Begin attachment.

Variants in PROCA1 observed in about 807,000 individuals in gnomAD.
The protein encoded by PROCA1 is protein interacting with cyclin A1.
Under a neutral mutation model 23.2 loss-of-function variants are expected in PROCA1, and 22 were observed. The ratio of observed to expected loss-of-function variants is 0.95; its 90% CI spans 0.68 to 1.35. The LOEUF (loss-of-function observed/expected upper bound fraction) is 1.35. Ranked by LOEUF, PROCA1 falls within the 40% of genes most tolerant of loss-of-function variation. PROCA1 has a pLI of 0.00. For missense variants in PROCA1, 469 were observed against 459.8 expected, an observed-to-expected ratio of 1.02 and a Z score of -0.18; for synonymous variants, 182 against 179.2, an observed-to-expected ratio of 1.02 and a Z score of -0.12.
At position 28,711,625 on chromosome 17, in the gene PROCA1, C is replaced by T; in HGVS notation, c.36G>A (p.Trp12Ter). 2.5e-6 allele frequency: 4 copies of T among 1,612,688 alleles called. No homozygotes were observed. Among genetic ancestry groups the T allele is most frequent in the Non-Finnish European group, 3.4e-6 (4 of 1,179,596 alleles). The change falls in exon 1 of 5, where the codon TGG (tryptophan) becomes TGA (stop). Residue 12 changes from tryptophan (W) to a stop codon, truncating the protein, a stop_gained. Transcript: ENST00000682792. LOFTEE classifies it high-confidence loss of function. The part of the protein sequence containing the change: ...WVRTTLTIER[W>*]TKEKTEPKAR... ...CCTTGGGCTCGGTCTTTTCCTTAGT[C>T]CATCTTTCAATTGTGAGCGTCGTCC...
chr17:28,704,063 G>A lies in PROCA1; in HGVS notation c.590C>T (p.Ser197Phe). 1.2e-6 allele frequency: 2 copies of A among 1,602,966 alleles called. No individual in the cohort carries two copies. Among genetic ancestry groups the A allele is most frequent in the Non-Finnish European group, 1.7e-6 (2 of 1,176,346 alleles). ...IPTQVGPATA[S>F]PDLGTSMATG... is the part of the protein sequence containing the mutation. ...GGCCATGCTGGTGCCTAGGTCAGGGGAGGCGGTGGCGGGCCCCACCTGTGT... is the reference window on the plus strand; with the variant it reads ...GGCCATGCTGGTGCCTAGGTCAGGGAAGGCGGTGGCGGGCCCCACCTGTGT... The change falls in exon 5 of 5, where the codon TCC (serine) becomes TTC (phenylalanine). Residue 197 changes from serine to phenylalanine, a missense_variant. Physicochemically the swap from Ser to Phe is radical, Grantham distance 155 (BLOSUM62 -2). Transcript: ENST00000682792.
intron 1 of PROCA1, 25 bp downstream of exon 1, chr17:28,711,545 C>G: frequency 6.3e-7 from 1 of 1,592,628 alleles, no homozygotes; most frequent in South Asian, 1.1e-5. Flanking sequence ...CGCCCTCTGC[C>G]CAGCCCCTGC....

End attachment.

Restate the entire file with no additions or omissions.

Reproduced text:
Variants in PROCA1 observed in about 807,000 individuals in gnomAD.
The protein encoded by PROCA1 is protein interacting with cyclin A1.
Under a neutral mutation model 23.2 loss-of-function variants are expected in PROCA1, and 22 were observed. The ratio of observed to expected loss-of-function variants is 0.95; its 90% CI spans 0.68 to 1.35. The LOEUF (loss-of-function observed/expected upper bound fraction) is 1.35. Ranked by LOEUF, PROCA1 falls within the 40% of genes most tolerant of loss-of-function variation. PROCA1 has a pLI of 0.00. For missense variants in PROCA1, 469 were observed against 459.8 expected, an observed-to-expected ratio of 1.02 and a Z score of -0.18; for synonymous variants, 182 against 179.2, an observed-to-expected ratio of 1.02 and a Z score of -0.12.
At position 28,711,625 on chromosome 17, in the gene PROCA1, C is replaced by T; in HGVS notation, c.36G>A (p.Trp12Ter). 2.5e-6 allele frequency: 4 copies of T among 1,612,688 alleles called. No homozygotes were observed. Among genetic ancestry groups the T allele is most frequent in the Non-Finnish European group, 3.4e-6 (4 of 1,179,596 alleles). The change falls in exon 1 of 5, where the codon TGG (tryptophan) becomes TGA (stop). Residue 12 changes from tryptophan (W) to a stop codon, truncating the protein, a stop_gained. Transcript: ENST00000682792. LOFTEE classifies it high-confidence loss of function. The part of the protein sequence containing the change: ...WVRTTLTIER[W>*]TKEKTEPKAR... ...CCTTGGGCTCGGTCTTTTCCTTAGT[C>T]CATCTTTCAATTGTGAGCGTCGTCC...
chr17:28,704,063 G>A lies in PROCA1; in HGVS notation c.590C>T (p.Ser197Phe). 1.2e-6 allele frequency: 2 copies of A among 1,602,966 alleles called. No individual in the cohort carries two copies. Among genetic ancestry groups the A allele is most frequent in the Non-Finnish European group, 1.7e-6 (2 of 1,176,346 alleles). ...IPTQVGPATA[S>F]PDLGTSMATG... is the part of the protein sequence containing the mutation. ...GGCCATGCTGGTGCCTAGGTCAGGGGAGGCGGTGGCGGGCCCCACCTGTGT... is the reference window on the plus strand; with the variant it reads ...GGCCATGCTGGTGCCTAGGTCAGGGAAGGCGGTGGCGGGCCCCACCTGTGT... The change falls in exon 5 of 5, where the codon TCC (serine) becomes TTC (phenylalanine). Residue 197 changes from serine to phenylalanine, a missense_variant. Physicochemically the swap from Ser to Phe is radical, Grantham distance 155 (BLOSUM62 -2). Transcript: ENST00000682792.
intron 1 of PROCA1, 25 bp downstream of exon 1, chr17:28,711,545 C>G: frequency 6.3e-7 from 1 of 1,592,628 alleles, no homozygotes; most frequent in South Asian, 1.1e-5. Flanking sequence ...CGCCCTCTGC[C>G]CAGCCCCTGC....